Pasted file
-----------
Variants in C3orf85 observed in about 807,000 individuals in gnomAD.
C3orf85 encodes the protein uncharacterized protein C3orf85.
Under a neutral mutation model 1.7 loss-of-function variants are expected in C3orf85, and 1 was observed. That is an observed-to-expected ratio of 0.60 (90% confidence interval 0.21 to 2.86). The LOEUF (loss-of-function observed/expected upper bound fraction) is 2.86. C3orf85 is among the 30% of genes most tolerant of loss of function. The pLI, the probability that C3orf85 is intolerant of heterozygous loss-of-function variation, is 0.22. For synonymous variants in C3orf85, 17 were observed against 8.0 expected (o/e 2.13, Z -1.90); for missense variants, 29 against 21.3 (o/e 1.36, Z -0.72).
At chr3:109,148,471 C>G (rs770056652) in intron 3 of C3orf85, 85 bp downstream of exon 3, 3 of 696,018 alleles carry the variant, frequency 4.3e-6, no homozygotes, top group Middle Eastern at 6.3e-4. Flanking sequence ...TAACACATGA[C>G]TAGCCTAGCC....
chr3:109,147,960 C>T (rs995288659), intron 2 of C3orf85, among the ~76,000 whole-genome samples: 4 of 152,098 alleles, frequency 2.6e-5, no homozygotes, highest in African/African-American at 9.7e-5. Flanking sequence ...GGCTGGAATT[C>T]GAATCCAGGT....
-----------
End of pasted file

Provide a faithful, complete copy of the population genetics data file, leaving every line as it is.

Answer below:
Variants in C3orf85 observed in about 807,000 individuals in gnomAD.
C3orf85 encodes the protein uncharacterized protein C3orf85.
Under a neutral mutation model 1.7 loss-of-function variants are expected in C3orf85, and 1 was observed. That is an observed-to-expected ratio of 0.60 (90% confidence interval 0.21 to 2.86). The LOEUF (loss-of-function observed/expected upper bound fraction) is 2.86. C3orf85 is among the 30% of genes most tolerant of loss of function. The pLI, the probability that C3orf85 is intolerant of heterozygous loss-of-function variation, is 0.22. For synonymous variants in C3orf85, 17 were observed against 8.0 expected (o/e 2.13, Z -1.90); for missense variants, 29 against 21.3 (o/e 1.36, Z -0.72).
At chr3:109,148,471 C>G (rs770056652) in intron 3 of C3orf85, 85 bp downstream of exon 3, 3 of 696,018 alleles carry the variant, frequency 4.3e-6, no homozygotes, top group Middle Eastern at 6.3e-4. Flanking sequence ...TAACACATGA[C>G]TAGCCTAGCC....
chr3:109,147,960 C>T (rs995288659), intron 2 of C3orf85, among the ~76,000 whole-genome samples: 4 of 152,098 alleles, frequency 2.6e-5, no homozygotes, highest in African/African-American at 9.7e-5. Flanking sequence ...GGCTGGAATT[C>T]GAATCCAGGT....